Wet Tropics Small Grants

Restoration of Yarrabah rainforest boardwalk

The first stage of the Yarrabah boardwalk restoration project at the Yarrabah arts and cultural precinct is now complete.

The multi staged restoration project has been ongoing since 2014, with the official opening proposed for early September 2015.

Funding provided by the Wet Tropics Small Grants Program supported the implementation of interpretative signage to guide visitors on their journey through the rainforest boardwalk.

The walk and signage provide a fascinating insight into the cultural significance of Yarrabah’s fauna and flora and history of the area.

Once complete, the boardwalk will meander through a vast variety of native plants and bush tucker including fan palm forests, native nutmeg, quandong trees, native cashews and cassowary plums.

Along with the boardwalk, the venue includes an Indigenous museum, art centre, traditional dance ground, and kitchen facilities - providing guests with a number of authentic Indigenous experiences close to Cairns.

The Yarrabah community will still need to seek further funding for stage two for the completion of the right wing.


Rare carved trees recorded

The Mamu people have recorded culturally significant carved trees in the South Johnstone area as part of a Wet Tropics Small Grant.

With only 13 recorded sites of living carved trees in the Wet Tropics World Heritage Area, and with most of them contained in Mamu country, these trees are rare and incredibly sacred to the Mamu people.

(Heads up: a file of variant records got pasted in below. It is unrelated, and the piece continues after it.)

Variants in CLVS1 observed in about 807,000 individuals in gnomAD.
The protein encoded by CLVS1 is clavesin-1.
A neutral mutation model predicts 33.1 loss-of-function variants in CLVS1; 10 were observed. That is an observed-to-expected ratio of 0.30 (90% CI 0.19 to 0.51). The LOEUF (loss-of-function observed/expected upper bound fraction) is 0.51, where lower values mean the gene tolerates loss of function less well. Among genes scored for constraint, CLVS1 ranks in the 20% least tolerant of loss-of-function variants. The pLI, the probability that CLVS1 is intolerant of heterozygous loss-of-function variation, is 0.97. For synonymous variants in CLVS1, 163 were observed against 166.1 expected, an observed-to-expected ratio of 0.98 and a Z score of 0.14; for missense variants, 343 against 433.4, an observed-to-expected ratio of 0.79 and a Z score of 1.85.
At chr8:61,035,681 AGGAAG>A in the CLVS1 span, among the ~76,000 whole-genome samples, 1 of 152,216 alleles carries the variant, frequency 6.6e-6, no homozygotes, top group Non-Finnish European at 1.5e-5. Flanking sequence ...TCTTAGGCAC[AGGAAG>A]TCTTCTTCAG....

Notorious cyclones that batter the Wet Tropics coastline, along with other natural causes put the trees under threat. 

The project was led by Mamu Traditional Owners Steve Purcell and Alf Joyce. Respected anthropologist Alice Buhrich was on hand to give technical advice and support to the group.

The project saw the group traverse the thick scrub of Dugulbarra Estate near Maple Creek, South Johnstone, in search of carved trees or ‘Dendroglyphs’ so that the appropriate management strategies could be developed.

The trees feature distinct and deliberate markings on particular food source trees. Although the markings are sometimes hard to decipher, Mr Purcell best describes the markings as a family or tribe’s signature, meaning that the family group could gather from that particular tree.

One of the outcomes of this project was the formal GPS recording of the tree locations, along with photographs and measurements to preserve this cultural knowledge. 

Ongoing conservation and preservation of the trees by Steve Purcell and Mamu Traditional Owners will ensure that this important piece of heritage remains for future Mamu generations.

The Mullen Bun Goon organisation received the grant and administered the funds to support the project.

Wet Tropics Small Grants

Published: 01st Aug 2015

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